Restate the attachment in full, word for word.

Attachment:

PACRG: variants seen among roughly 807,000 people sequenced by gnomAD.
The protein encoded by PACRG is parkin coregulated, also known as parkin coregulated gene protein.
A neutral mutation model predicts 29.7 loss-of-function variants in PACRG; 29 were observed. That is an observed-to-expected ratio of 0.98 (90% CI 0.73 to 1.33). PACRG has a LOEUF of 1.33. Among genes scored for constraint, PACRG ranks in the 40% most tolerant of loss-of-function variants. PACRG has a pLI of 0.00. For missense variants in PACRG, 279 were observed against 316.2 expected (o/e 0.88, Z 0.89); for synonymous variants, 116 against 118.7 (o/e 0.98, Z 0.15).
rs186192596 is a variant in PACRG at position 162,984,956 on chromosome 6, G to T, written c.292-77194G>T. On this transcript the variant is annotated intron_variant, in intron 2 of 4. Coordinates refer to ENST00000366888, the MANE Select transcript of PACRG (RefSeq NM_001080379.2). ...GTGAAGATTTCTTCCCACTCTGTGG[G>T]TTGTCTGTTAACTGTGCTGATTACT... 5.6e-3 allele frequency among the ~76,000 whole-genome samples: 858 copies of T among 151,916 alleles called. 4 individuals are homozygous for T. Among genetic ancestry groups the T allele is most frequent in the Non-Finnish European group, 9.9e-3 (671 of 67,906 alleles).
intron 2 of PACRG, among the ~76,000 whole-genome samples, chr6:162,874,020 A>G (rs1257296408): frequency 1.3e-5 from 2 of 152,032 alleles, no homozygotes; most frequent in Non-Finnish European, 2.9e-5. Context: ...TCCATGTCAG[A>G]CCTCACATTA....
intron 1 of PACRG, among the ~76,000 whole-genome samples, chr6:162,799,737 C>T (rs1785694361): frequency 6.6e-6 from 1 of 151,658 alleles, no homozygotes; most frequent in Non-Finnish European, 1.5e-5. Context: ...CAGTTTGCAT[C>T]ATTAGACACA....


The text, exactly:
PACRG: variants seen among roughly 807,000 people sequenced by gnomAD.
The protein encoded by PACRG is parkin coregulated, also known as parkin coregulated gene protein.
A neutral mutation model predicts 29.7 loss-of-function variants in PACRG; 29 were observed. That is an observed-to-expected ratio of 0.98 (90% CI 0.73 to 1.33). PACRG has a LOEUF of 1.33. Among genes scored for constraint, PACRG ranks in the 40% most tolerant of loss-of-function variants. PACRG has a pLI of 0.00. For missense variants in PACRG, 279 were observed against 316.2 expected (o/e 0.88, Z 0.89); for synonymous variants, 116 against 118.7 (o/e 0.98, Z 0.15).
rs186192596 is a variant in PACRG at position 162,984,956 on chromosome 6, G to T, written c.292-77194G>T. On this transcript the variant is annotated intron_variant, in intron 2 of 4. Coordinates refer to ENST00000366888, the MANE Select transcript of PACRG (RefSeq NM_001080379.2). ...GTGAAGATTTCTTCCCACTCTGTGG[G>T]TTGTCTGTTAACTGTGCTGATTACT... 5.6e-3 allele frequency among the ~76,000 whole-genome samples: 858 copies of T among 151,916 alleles called. 4 individuals are homozygous for T. Among genetic ancestry groups the T allele is most frequent in the Non-Finnish European group, 9.9e-3 (671 of 67,906 alleles).
intron 2 of PACRG, among the ~76,000 whole-genome samples, chr6:162,874,020 A>G (rs1257296408): frequency 1.3e-5 from 2 of 152,032 alleles, no homozygotes; most frequent in Non-Finnish European, 2.9e-5. Context: ...TCCATGTCAG[A>G]CCTCACATTA....
intron 1 of PACRG, among the ~76,000 whole-genome samples, chr6:162,799,737 C>T (rs1785694361): frequency 6.6e-6 from 1 of 151,658 alleles, no homozygotes; most frequent in Non-Finnish European, 1.5e-5. Context: ...CAGTTTGCAT[C>T]ATTAGACACA....